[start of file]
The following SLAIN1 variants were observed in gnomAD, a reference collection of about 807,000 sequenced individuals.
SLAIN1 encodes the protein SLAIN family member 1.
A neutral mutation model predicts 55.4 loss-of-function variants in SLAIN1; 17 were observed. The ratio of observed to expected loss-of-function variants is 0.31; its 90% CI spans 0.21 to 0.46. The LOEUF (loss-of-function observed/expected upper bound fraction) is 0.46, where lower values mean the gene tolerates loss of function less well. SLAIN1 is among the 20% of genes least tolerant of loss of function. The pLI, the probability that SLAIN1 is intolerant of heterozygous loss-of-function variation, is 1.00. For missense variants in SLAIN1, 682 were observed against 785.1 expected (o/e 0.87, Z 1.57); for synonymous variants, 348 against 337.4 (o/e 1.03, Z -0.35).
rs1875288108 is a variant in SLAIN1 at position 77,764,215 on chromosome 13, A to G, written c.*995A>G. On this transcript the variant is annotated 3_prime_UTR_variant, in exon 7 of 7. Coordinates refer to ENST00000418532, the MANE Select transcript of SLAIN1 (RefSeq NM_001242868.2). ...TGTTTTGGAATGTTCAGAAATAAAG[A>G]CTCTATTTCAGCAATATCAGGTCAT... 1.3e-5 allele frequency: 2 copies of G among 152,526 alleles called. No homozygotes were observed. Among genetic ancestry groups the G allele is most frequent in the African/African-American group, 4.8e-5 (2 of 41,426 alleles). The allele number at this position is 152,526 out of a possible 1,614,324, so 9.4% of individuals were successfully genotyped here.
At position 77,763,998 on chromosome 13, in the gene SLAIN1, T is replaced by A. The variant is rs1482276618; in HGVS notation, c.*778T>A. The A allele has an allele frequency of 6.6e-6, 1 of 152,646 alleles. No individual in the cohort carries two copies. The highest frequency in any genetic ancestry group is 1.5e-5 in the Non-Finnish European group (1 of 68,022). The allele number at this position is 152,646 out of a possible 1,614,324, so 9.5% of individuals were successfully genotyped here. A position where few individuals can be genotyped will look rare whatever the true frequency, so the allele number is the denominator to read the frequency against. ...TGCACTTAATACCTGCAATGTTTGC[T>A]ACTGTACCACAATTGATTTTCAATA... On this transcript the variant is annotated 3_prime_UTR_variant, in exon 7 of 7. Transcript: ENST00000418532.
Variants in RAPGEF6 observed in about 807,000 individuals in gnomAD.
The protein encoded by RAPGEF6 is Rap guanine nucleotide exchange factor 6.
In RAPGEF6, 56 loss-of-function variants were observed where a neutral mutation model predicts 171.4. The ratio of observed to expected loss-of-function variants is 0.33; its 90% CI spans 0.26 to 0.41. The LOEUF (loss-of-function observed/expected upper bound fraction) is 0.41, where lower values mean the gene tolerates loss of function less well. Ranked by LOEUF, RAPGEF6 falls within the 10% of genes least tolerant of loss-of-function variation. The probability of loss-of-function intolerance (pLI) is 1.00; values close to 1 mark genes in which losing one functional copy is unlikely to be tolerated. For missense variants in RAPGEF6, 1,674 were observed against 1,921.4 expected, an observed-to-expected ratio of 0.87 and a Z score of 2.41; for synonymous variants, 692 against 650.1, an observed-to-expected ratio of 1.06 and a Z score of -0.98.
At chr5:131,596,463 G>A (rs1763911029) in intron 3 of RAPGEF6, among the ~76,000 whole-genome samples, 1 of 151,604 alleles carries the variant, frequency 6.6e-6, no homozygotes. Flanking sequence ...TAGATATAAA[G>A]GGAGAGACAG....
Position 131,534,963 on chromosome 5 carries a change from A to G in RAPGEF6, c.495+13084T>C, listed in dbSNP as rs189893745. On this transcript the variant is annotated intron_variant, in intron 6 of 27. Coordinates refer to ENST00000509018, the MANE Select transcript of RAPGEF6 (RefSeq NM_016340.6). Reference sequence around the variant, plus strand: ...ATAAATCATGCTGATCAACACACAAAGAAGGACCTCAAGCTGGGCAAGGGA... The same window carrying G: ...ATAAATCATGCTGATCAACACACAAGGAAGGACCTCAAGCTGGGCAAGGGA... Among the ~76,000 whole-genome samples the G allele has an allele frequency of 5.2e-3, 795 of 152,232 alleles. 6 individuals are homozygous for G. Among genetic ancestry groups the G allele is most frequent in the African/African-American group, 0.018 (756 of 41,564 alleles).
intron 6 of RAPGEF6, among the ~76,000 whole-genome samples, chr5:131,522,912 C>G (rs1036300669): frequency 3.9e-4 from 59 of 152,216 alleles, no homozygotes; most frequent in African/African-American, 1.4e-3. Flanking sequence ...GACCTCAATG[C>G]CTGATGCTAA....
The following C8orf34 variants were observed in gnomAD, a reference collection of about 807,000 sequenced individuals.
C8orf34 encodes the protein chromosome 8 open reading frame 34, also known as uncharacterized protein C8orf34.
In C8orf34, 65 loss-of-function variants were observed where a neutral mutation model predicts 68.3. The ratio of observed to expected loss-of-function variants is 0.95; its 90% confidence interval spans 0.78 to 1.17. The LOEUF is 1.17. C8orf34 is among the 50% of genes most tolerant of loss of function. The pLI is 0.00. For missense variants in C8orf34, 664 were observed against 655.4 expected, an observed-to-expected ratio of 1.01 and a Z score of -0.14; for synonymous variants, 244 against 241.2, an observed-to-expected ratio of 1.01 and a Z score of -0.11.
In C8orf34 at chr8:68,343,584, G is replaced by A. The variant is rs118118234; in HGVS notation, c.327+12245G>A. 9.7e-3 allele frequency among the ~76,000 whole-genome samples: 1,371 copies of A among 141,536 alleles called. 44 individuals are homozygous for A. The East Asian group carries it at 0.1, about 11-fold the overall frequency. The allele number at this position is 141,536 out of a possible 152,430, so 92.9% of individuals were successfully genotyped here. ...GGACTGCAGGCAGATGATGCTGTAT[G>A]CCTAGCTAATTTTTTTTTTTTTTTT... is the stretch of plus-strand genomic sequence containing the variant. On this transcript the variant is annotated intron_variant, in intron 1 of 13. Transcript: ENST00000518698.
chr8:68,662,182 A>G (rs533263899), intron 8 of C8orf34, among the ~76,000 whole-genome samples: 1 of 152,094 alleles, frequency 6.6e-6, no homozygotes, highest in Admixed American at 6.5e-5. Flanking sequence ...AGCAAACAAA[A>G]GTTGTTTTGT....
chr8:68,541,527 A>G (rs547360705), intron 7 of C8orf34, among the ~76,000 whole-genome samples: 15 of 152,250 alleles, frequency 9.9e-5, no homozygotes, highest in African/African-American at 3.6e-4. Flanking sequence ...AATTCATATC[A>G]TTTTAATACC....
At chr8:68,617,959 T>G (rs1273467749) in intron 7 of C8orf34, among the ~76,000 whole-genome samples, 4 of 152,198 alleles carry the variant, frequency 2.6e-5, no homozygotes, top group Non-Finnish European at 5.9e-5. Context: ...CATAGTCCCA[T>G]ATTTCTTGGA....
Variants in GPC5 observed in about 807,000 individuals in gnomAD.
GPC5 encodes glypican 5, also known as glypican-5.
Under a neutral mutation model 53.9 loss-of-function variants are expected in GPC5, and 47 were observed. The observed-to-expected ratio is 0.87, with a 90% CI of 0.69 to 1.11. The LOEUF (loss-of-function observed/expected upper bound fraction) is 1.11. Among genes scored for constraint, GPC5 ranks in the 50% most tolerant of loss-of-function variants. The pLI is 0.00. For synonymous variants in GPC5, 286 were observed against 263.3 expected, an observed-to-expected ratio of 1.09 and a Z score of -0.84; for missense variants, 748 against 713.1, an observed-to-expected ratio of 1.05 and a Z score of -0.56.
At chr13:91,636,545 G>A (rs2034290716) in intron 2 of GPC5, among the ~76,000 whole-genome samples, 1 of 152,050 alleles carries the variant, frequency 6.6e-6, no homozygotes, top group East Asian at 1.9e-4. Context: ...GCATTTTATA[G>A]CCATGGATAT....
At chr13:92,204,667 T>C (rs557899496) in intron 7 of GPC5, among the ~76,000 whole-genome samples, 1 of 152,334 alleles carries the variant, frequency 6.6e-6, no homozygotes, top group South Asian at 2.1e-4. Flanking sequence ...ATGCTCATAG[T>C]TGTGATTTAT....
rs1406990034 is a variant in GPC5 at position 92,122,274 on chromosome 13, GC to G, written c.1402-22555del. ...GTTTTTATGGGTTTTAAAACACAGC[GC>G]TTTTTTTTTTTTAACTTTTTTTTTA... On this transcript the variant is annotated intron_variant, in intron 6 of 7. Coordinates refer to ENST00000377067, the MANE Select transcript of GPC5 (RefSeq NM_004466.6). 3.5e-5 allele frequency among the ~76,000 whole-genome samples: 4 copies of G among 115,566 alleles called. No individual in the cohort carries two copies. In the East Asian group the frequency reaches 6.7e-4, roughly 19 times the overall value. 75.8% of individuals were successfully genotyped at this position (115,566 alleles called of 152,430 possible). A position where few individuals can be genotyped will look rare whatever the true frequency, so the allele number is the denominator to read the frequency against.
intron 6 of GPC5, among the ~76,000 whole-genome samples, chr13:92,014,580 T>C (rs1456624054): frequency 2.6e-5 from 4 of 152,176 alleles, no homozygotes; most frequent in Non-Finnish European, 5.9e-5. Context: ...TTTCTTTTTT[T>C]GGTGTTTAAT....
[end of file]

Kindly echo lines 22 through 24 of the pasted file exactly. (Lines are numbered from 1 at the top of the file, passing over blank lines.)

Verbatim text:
At chr13:91,636,545 G>A (rs2034290716) in intron 2 of GPC5, among the ~76,000 whole-genome samples, 1 of 152,050 alleles carries the variant, frequency 6.6e-6, no homozygotes, top group East Asian at 1.9e-4. Context: ...GCATTTTATA[G>A]CCATGGATAT....
At chr13:92,204,667 T>C (rs557899496) in intron 7 of GPC5, among the ~76,000 whole-genome samples, 1 of 152,334 alleles carries the variant, frequency 6.6e-6, no homozygotes, top group South Asian at 2.1e-4. Flanking sequence ...ATGCTCATAG[T>C]TGTGATTTAT....
rs1406990034 is a variant in GPC5 at position 92,122,274 on chromosome 13, GC to G, written c.1402-22555del. ...GTTTTTATGGGTTTTAAAACACAGC[GC>G]TTTTTTTTTTTTAACTTTTTTTTTA... On this transcript the variant is annotated intron_variant, in intron 6 of 7. Coordinates refer to ENST00000377067, the MANE Select transcript of GPC5 (RefSeq NM_004466.6). 3.5e-5 allele frequency among the ~76,000 whole-genome samples: 4 copies of G among 115,566 alleles called. No individual in the cohort carries two copies. In the East Asian group the frequency reaches 6.7e-4, roughly 19 times the overall value. 75.8% of individuals were successfully genotyped at this position (115,566 alleles called of 152,430 possible). A position where few individuals can be genotyped will look rare whatever the true frequency, so the allele number is the denominator to read the frequency against.